Research

Monday, Apr 16, 2018
by Benjamin Ball, The Daily Princetonian
A team of computer science majors and entrepreneurs from the University are the winners of the TigerLaunch competition, the nation’s largest student-run entrepreneurship competition. The team of Felix Madutsa ’18, Avthar Sewrathan ’18, and Richard Adjei ’18 are the founders of the company BlockX, whose primary product is Afari, a decentralized social network meant to protect users’ data and information and maintain privacy by using technology called blockchain.
Monday, Apr 16, 2018
by B. Rose Kelly, Woodrow Wilson School of Public and International Affairs
“Poverty in America,” an undergraduate course at Princeton, is examining the central aspects of poverty, spanning joblessness, housing and neighborhoods, crime and punishment, and survival and protest. The class is co-led by sociologists and poverty experts Matthew Desmond and Kathryn Edin.
Thursday, Apr 12, 2018
by Chris Emery for the Office of Engineering Communications
Sewage treatment may be an unglamorous job, but bacteria are happy to do it. Sewage plants rely on bacteria to remove environmental toxins from waste so that the processed water can be safely discharged into oceans and rivers. Now, a bacterium discovered by Princeton researchers in a New Jersey swamp may offer a more efficient method for treating toxins found in sewage, fertilizer runoff and other forms of water pollution.
Tuesday, Apr 10, 2018
by Brett Johnson, ROI-NJ
Pablo Debenedetti, who was named the prestigious university’s dean for research five years ago, handles a great deal. It’s just not a job that comes with a lot of publicity or notoriety. But even though Debenedetti is scarcely quoted in media, he’s busy behind the scenes — working directly with Princeton’s provost and other senior leaders in encouraging the sort of innovation that has long made Princeton a world-renown campus for research. The longtime Princeton engineering professor spoke to ROI-NJ about the school’s own research as well as the prevailing trends directing the course of research efforts overall today.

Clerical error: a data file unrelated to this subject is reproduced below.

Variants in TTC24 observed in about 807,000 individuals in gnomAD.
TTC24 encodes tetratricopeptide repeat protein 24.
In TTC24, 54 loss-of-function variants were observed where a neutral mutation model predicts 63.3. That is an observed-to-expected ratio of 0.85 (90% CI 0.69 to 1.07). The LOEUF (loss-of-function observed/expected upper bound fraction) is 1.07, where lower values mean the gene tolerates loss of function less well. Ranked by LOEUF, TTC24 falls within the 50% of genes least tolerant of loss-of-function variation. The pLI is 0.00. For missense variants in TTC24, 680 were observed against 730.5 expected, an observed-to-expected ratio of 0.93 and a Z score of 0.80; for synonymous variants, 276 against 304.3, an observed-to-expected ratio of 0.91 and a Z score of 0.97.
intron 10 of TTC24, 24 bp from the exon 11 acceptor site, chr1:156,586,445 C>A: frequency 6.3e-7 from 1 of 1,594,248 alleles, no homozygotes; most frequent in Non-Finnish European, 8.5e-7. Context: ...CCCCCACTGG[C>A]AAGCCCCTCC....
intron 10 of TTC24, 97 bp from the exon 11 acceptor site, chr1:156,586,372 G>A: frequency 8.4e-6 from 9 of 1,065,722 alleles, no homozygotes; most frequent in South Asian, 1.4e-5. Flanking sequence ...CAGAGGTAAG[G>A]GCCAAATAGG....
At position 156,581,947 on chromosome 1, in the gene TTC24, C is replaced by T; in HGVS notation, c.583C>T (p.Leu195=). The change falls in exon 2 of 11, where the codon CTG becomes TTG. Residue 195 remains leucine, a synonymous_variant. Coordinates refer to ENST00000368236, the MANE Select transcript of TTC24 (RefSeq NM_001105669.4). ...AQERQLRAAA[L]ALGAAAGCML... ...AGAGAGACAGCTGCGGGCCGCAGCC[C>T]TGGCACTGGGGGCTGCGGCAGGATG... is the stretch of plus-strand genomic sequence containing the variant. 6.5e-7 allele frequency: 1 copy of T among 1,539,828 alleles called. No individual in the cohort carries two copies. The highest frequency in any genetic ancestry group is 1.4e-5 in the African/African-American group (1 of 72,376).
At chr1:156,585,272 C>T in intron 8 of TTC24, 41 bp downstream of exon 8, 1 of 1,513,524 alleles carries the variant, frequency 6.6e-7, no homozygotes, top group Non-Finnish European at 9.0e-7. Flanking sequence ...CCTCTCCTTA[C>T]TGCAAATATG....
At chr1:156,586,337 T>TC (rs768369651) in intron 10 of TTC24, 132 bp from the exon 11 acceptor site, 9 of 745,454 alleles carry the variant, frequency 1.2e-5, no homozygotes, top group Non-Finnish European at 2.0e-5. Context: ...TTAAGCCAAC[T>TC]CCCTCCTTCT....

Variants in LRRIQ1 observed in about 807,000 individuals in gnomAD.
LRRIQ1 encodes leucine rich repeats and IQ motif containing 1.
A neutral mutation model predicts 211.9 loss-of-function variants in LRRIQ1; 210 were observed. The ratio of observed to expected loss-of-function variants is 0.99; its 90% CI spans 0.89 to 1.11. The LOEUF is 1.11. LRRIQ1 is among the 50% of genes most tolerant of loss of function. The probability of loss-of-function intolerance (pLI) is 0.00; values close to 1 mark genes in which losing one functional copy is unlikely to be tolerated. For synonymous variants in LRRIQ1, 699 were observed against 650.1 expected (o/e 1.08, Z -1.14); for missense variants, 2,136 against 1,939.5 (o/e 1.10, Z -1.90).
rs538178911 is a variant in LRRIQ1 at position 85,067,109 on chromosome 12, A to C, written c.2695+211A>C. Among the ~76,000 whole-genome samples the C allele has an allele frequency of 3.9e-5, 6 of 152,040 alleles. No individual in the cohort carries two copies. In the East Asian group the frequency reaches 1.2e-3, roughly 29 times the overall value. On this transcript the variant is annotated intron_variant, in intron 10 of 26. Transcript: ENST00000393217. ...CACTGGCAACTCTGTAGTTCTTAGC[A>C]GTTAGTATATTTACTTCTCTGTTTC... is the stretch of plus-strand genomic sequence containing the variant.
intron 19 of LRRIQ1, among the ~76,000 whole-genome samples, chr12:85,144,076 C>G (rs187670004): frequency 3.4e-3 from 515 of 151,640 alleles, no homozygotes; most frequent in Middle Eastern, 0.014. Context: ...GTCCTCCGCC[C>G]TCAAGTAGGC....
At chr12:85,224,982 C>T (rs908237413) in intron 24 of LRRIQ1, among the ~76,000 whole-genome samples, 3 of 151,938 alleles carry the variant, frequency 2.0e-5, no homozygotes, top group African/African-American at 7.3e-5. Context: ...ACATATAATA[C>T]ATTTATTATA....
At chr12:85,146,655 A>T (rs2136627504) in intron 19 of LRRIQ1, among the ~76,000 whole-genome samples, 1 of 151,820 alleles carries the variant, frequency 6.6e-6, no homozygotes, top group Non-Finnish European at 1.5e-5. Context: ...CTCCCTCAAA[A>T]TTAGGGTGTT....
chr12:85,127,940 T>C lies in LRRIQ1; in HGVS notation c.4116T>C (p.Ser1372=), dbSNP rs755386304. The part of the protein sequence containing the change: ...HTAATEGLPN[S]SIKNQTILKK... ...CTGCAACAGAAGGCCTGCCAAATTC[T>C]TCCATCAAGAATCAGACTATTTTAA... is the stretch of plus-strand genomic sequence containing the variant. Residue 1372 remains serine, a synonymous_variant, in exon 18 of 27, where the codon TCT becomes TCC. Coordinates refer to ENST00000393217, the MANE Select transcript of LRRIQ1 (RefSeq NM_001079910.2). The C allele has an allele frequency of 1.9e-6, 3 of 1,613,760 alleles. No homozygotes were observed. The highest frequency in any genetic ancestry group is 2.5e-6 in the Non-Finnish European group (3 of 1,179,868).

Tuesday, Apr 10, 2018
by Benjamin Ball, The Daily Princetonian
An elite team of computer science majors from the University are taking their project to the finals of TigerLaunch, the nation’s largest student-run entrepreneurship competition. Their company’s mission is to help people reclaim their privacy and data on the internet using blockchain technology.
Tuesday, Apr 10, 2018
by Aaron Nathans, Office of Engineering Communications
The business model of American social media allows foreign adversaries to exploit our open society by spreading disinformation and amplifying disagreements, turning citizens against one another, speakers said at a Princeton University forum on Saturday.
Monday, Apr 9, 2018
by Joseph Goedert, Health Data Management
Princeton University's Operations Research and Financial Engineering Department has teamed up with data aggregation and analytics vendor ODH to develop new machine learning techniques to help health insurers assess and prioritize mental and social factors underlying members’ conditions, and then propose appropriate interventions.
Friday, Apr 6, 2018
by Ruby Shao '17, Princeton University
Documentary filmmaking and history combine in The Trenton Project. In April 2018, the city of Trenton will mark the 50th anniversary of violence that followed the assassination of the Reverend Dr. Martin Luther King Jr. To examine the civil unrest through two disciplines, documentary film and history, Woodrow Wilson School Documentary Film Specialist Purcell Carson and History Professor Alison Isenberg are leading an initiative called The Trenton Project.
Thursday, Apr 5, 2018
by Princeton University Humanities Council
This Spring, the Program in American Studies launches The American Studies Collaboratory — Col(LAB)—a site for a new kind of intellectual engagement, where critical thinking and collaboration converge to nurture connections and discoveries at the edges of our research practice.
Thursday, Apr 5, 2018
by Liz Fuller-Wright, Office of Communications
Do smart kids make more friends? If others see their cleverness paying off, then yes — at least, that seems to be true for our primate cousins, ring-tailed lemurs (Lemur catta), report a team of Princeton University researchers.

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